Cape Town’s unique mixture of cultures and communities has shaped the city to become the a cosmopolitan and vibrant metropolis it is today. However, it hasn’t always been a smooth transition. The city’s turbulent past has given its artists plenty to think about, and the museums, parks and plazas are home to fascinating pieces of sculpture by South African and international creatives. We pick the best places to find some of Cape Town’s finest three-dimensional art.
If you walk around the V & A Waterfront, you will eventually across four larger-than-life bronzed gentlemen standing pensively in a row. The sculptures are of the late Nkosi Albert Luthuli, Archbishop Emeritus Desmond Tutu, former State President F.W. de Klerk and former President Nelson Mandela. They were created by internationally acclaimed artist Claudette Schreuders, they reflect the puzzle of the search of an African identity post-apartheid. The fifth sculpture in the square, “Peace and Democracy”, created by Noria Mabasa, acknowledges the contribution of women and children to the attainment of peace in the country.
V & A Waterfront, Cape Town, South Africa +27 (0)86 132 2223 (Cape Town Tourism)
Cape Town artist Brett Murray created ‘Africa’ as part of the second Public Sculpture Competition in 1998. The piece was unveiled on 26 May 2000 in St George’s Mall where it intersects Waterkant Street. It is a challenging and controversial piece of art, three meters high, cast in bronze and adorned with yellow heads of Bart Simpson. The work talks about issues of Africa and America in the late 20th century, and raises the issues of Afro- versus Euro- centricism, and indigenous versus Western culture.
Cape Town City Centre, Cape Town 8000 +27 (0)86 132 2223 (Cape Town Tourism)
Arm Wrestle Podium
Ohann van der Schijff’s Arm Wrestle Podium (AWP) is both a functional and figurative piece of work. Located on the patio of the Association for Visual Arts, it presents a communal platform where disputes can be settled by means of physical arm wrestling, allowing for a definite outcome to be determined in public. A set of rules is also attached to the podium, written in four languages – English, Xhosa, Afrikaans, and braille.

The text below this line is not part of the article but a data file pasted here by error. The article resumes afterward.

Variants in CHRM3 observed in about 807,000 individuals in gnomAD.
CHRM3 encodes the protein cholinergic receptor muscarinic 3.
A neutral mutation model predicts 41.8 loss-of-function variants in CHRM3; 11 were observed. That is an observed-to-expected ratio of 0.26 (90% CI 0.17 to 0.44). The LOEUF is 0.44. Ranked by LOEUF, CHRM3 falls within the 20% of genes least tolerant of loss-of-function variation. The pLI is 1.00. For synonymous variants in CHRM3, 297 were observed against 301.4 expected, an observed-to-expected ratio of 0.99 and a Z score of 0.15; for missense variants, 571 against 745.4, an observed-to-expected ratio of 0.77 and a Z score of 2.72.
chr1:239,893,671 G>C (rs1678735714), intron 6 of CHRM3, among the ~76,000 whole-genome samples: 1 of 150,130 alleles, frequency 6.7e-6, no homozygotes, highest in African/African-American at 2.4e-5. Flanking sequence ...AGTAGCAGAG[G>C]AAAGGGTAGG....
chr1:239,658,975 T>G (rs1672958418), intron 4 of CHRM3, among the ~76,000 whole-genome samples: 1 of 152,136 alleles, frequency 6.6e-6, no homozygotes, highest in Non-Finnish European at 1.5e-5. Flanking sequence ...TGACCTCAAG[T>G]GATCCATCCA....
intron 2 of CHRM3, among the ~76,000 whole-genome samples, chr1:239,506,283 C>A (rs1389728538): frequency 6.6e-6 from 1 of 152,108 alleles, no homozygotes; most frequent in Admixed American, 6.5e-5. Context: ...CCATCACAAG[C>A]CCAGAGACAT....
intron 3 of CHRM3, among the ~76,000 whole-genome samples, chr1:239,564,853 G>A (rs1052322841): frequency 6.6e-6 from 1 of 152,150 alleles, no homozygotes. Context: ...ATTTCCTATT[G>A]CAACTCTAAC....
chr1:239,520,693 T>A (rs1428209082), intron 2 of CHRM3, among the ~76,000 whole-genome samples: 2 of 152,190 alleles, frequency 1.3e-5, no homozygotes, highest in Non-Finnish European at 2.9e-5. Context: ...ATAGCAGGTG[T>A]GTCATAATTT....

35 Church St, Cape Town, 8001, South Africa +27 21 424 7436
Erected during South Africa’s transition to democracy, itThis piece is a celebration of the diversity of the country’s population. Made from Core-Ten steel and bronze, the structure inverts the Tower of Babel myth – instead of difference becoming the catalyst for diaspora and isolation, here on the ‘tower’, mythological creatures start the process of finding one another. Surrounded by giant slab-like modern skyscrapers, the complexities of the composition contrast the environment in which the sculpture stands.
Long St, Cape Town City Centre, Cape Town, 8000, South Africa +27 (0)86 132 2223 (Cape Town Tourism)
South African National Gallery
The premier art gallery in South Africa is the home of outstanding collections of African, Dutch, British, and Flemish art in every medium. ‘The Butcher Boys’ by Jane Alexander is one of the gallery’s most famous sculptures. Created in the mid-80s, it was a response to the state of emergency declared in the country during a time of uncertainty and transition. The hybridised ‘boys’, part human, part animal, reflect the complicated notion of identity and identification and the dehumanizing nature of apartheid.
Opening hours: 10am-5pm
Government Ave, Company’s Garden, Cape Town, 8000, South Africa +27 (0)21 481 3970